No telling how many would-be immigrants to the United States actually believed the mantra that the streets of this prosperous land were paved with gold. What few people realize, however, is that there’s a spot just outside Washington D.C. where that spellbinding dream–a golden road–was literally the case.
Maryland is the northern tip of a belt of gold and pyrite (fool’s gold) that stretches all the way down to Alabama. Last week I wrote of a couple accessible sites in Virginia that give you a good sense for the steep toll miners exacted on the land and people of the Old Dominion in their frenzied search for gold. As it turns out, gold fever struck Maryland just as bad, and the land around Washington D.C. likewise holds the remains of significant efforts to coax gold from the ground.
“A great many people are flocking to the [gold] fields thinking they can take up claims just as they do out West,” reported The Washington Post in December 1889. Those people found themselves “considerably disappointed” when they discovered that’s not how prospecting worked in Maryland.
One can imagine why gold drew would-be miners to Maryland in droves. Promises of riches were everywhere. “There are about twelve mining camps in active operation in Montgomery county [sic], Maryland, and the residents of that county still have the gold fever very bad,” the Post article claimed.
The reason all those ordinary prospectors were turned away from these prosperous gold fields (one mine produced a nugget of four ounces) is that moneyed interests largely owned the rights to the richest veins in Maryland. Firms from Chicago and Philadelphia, for instance, shelled out princely sums for the choicest parcels. And included among the principals of many of these investment companies were the esteemed legislators who graced the halls of Congress a few miles away–business arrangements that probably wouldn’t pass the smell test today.
Walter A. Goetz, author of Montgomery County Gold Fever, describes how the Atlantic Development Company and a subsidiary, which controlled more than 2,200 acres near the Great Falls of the Potomac River, conducted extensive exploration for rich veins from 1915 to 1917 by trenching and stripping more than 50,000 linear feet of earth. So scarred was the landscape that rumors began to circulate among locals that the real purpose of all that digging wasn’t gold after all, but clandestine preparation for an imminent German invasion.
Developers leveled many of Montgomery’s golden footprints as suburban Washington rippled from the city. But so extensive were the works here that even the insatiable bulldozer couldn’t erase all the marks miners left.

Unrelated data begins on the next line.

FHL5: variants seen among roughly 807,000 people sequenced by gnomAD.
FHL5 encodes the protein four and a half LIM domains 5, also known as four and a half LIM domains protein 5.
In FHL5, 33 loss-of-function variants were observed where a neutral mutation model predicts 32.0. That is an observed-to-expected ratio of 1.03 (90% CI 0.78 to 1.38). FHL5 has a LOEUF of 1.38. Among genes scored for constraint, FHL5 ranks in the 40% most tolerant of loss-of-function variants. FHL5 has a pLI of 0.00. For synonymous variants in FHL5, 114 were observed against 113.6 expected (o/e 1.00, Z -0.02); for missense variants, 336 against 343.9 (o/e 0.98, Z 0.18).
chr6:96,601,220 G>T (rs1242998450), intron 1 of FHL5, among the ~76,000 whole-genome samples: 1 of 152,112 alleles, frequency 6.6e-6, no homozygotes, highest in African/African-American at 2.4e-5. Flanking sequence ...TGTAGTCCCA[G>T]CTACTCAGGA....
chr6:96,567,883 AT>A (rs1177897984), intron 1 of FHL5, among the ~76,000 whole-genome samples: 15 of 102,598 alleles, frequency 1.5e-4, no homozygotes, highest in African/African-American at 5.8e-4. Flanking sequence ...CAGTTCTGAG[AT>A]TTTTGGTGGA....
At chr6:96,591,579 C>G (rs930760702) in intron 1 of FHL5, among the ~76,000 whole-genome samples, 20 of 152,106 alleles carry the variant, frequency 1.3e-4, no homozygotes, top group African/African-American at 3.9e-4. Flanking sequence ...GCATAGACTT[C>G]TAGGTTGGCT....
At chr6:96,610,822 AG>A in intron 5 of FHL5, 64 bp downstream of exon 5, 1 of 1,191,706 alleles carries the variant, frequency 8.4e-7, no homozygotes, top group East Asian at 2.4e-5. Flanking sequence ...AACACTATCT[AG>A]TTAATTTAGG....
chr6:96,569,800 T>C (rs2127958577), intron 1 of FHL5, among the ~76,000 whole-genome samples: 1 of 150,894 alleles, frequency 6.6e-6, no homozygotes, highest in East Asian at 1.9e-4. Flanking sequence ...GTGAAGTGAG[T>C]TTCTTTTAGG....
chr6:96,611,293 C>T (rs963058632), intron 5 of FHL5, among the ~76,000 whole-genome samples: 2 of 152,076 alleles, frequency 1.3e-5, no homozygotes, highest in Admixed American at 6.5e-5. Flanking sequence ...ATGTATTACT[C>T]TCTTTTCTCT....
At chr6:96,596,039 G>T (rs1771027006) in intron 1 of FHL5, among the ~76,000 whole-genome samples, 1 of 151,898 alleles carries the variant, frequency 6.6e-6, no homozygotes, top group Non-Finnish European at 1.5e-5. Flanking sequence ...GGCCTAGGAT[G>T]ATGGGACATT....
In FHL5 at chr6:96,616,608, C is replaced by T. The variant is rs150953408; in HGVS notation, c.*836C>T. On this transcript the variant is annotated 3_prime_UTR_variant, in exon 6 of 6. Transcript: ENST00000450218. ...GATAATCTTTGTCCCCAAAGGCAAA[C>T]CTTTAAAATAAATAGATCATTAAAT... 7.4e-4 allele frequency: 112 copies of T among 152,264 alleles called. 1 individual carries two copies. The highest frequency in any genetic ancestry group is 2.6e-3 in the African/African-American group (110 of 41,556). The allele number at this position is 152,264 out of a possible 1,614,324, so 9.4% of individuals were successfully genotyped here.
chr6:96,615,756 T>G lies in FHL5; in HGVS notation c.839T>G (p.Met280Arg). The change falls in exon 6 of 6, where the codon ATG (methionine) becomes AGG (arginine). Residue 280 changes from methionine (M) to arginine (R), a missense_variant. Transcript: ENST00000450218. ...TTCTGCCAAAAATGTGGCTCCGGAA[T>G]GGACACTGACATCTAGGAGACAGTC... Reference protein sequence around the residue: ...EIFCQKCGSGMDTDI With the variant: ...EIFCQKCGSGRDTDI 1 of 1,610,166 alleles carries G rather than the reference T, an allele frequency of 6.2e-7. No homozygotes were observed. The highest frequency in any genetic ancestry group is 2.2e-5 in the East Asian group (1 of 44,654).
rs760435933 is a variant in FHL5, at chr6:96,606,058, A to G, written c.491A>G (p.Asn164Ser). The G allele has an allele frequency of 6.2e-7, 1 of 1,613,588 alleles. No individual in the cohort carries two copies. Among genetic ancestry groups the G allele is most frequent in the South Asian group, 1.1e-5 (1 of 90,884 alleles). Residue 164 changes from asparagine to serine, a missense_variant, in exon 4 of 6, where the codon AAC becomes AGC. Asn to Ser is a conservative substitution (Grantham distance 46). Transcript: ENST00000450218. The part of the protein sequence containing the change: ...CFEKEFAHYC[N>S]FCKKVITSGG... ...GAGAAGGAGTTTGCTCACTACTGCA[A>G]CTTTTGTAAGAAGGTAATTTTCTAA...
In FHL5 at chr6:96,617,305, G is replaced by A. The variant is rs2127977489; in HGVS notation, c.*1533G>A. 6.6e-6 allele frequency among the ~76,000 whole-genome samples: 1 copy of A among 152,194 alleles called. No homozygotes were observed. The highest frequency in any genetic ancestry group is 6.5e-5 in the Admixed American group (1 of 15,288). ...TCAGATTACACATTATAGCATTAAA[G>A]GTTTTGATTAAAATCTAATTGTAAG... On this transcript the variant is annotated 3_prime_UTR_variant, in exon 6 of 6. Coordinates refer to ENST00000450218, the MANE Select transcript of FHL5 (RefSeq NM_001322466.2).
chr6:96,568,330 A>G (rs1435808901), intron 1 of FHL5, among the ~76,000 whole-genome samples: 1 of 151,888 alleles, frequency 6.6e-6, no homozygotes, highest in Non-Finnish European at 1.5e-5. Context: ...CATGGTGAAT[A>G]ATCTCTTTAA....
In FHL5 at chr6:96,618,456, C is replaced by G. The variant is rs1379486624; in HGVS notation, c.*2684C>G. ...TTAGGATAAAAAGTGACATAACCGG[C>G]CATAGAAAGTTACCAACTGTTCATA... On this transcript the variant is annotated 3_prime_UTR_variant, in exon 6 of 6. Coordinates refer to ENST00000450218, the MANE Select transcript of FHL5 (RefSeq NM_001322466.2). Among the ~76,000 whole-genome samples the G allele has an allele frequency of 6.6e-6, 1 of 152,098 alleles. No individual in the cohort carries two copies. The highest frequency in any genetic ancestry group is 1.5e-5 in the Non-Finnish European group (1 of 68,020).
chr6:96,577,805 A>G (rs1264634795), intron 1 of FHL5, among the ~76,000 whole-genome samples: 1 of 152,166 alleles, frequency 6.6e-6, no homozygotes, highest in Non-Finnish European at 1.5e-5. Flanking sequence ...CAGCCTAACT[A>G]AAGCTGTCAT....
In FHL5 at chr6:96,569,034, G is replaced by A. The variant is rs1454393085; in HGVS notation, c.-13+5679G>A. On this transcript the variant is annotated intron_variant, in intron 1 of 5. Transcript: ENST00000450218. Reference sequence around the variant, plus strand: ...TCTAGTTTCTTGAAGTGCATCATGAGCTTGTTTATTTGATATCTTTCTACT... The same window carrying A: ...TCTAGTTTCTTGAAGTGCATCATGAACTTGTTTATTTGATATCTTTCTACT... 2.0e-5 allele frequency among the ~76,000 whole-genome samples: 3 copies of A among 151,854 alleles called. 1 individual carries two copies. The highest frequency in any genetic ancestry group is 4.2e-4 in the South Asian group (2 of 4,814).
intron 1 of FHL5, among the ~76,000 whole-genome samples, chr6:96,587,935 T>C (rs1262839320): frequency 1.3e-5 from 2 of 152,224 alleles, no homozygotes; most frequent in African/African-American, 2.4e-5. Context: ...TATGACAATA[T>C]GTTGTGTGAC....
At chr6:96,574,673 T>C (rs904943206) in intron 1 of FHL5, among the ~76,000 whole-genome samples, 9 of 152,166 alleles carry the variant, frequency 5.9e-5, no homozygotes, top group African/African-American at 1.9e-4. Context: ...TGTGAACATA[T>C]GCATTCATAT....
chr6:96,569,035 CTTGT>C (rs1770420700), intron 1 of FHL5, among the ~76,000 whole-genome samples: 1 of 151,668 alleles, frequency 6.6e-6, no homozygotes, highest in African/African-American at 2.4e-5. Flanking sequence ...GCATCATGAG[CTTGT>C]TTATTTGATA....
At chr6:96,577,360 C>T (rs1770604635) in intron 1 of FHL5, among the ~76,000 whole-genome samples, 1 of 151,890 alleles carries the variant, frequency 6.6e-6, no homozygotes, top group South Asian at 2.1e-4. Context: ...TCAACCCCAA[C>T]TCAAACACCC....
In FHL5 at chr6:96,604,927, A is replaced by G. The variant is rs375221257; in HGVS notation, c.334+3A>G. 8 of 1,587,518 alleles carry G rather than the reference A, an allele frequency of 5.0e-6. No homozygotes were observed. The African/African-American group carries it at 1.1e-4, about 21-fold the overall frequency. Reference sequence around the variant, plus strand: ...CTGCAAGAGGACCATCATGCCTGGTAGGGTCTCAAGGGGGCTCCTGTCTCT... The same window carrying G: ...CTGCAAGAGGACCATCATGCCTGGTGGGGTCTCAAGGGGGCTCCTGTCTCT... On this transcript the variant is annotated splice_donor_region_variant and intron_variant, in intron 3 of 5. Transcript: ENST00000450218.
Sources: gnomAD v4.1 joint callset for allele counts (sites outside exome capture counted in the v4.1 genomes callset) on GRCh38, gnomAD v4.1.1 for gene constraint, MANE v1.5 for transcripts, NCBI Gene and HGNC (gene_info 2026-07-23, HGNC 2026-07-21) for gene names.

Greater Washingtonians often flock to the Great Falls Maryland unit of the Chesapeake and Ohio Canal National Historical Park for the solitude the refuge affords–minutes from downtown but a world away. On a recent day I hiked a couple trails there and spotted a number of critters also enjoying the balmy winter day. A pileated woodpecker and a red-tailed hawk flew off at my approach. Three white-tailed deer dashed into the safety of the trees. It’s hard to imagine that the quiet woods here were once the epicenter of Montgomery County gold mining, laced with trenches and pocked with shafts.
The National Park Service’s interpretive efforts are naturally focused on the C&O Canal, an effort to link the interior of the growing nation to markets eastward. The canal’s flat towpath is among the park’s most popular trails. Other paths snake into the forested interior among the traces of a golden past.
Near the entrance to the park are the tumbledown ruins of the Maryland Mine, accessible via a roughly two-mile hike (on the Gold Mine Loop) from the Great Falls Tavern Visitor Center. The vestiges of the mining operation that existed here through the 1930s are doing their best to stand up to time and the elements. A ruined water tower, blacksmith shop and retaining wall are the structures still left. The collapsed shafts that descend deep into the earth serve to remind how much pay dirt miners dug. The National Park Service has fenced off the falling structures and erected a small interpretive sign, but that, too, has seen better days.
Scenes at the site of the Maryland Mine
On the northern end of the park, the less-traveled Ford Mine Trail likewise retains scars mining made on this land, although there are no interpretive signs and the remains are less evident. Trailside there’s at least one shaft, now a deep dimple collecting what falls from the forest canopy. Mostly the Ford Mine Trail is an effort in reading the wooded landscape, picking out manmade features from natural ones, cuts and trenches from the channels water made as it flowed off these hillsides following the path of least resistance.
Collapsed Shaft at the Ford Mine
And that golden road? MacArthur Boulevard winds its way along the Potomac River from downtown. Years ago, that was Conduit Road, and when the stretch of it out near Great Falls needed patching, workmen used mine tailings, which contained trace amounts of gold. After a good rain, observant and lucky travelers, if they looked closely enough, could spot that familiar glint that so many people spent their lives trying to capture.